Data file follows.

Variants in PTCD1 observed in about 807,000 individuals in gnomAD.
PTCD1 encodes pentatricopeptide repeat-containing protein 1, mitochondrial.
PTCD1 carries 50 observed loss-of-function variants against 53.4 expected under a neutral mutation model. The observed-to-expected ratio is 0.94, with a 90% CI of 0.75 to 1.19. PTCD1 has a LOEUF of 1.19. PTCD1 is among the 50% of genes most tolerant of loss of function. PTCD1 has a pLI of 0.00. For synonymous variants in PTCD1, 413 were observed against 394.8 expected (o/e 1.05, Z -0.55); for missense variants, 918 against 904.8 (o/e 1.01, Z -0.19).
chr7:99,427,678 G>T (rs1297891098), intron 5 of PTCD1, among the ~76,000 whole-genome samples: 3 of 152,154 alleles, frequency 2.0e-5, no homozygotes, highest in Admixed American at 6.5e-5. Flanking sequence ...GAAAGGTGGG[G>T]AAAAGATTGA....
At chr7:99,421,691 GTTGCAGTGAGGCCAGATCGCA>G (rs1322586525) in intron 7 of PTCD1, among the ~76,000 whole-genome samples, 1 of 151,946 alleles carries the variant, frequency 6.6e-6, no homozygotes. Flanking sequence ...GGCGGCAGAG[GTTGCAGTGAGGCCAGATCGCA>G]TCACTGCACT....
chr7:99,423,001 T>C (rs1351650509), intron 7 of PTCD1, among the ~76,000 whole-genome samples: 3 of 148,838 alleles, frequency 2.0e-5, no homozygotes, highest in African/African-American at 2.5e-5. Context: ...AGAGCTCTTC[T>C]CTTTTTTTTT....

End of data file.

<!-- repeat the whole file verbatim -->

Variants in PTCD1 observed in about 807,000 individuals in gnomAD.
PTCD1 encodes pentatricopeptide repeat-containing protein 1, mitochondrial.
PTCD1 carries 50 observed loss-of-function variants against 53.4 expected under a neutral mutation model. The observed-to-expected ratio is 0.94, with a 90% CI of 0.75 to 1.19. PTCD1 has a LOEUF of 1.19. PTCD1 is among the 50% of genes most tolerant of loss of function. PTCD1 has a pLI of 0.00. For synonymous variants in PTCD1, 413 were observed against 394.8 expected (o/e 1.05, Z -0.55); for missense variants, 918 against 904.8 (o/e 1.01, Z -0.19).
chr7:99,427,678 G>T (rs1297891098), intron 5 of PTCD1, among the ~76,000 whole-genome samples: 3 of 152,154 alleles, frequency 2.0e-5, no homozygotes, highest in Admixed American at 6.5e-5. Flanking sequence ...GAAAGGTGGG[G>T]AAAAGATTGA....
At chr7:99,421,691 GTTGCAGTGAGGCCAGATCGCA>G (rs1322586525) in intron 7 of PTCD1, among the ~76,000 whole-genome samples, 1 of 151,946 alleles carries the variant, frequency 6.6e-6, no homozygotes. Flanking sequence ...GGCGGCAGAG[GTTGCAGTGAGGCCAGATCGCA>G]TCACTGCACT....
chr7:99,423,001 T>C (rs1351650509), intron 7 of PTCD1, among the ~76,000 whole-genome samples: 3 of 148,838 alleles, frequency 2.0e-5, no homozygotes, highest in African/African-American at 2.5e-5. Context: ...AGAGCTCTTC[T>C]CTTTTTTTTT....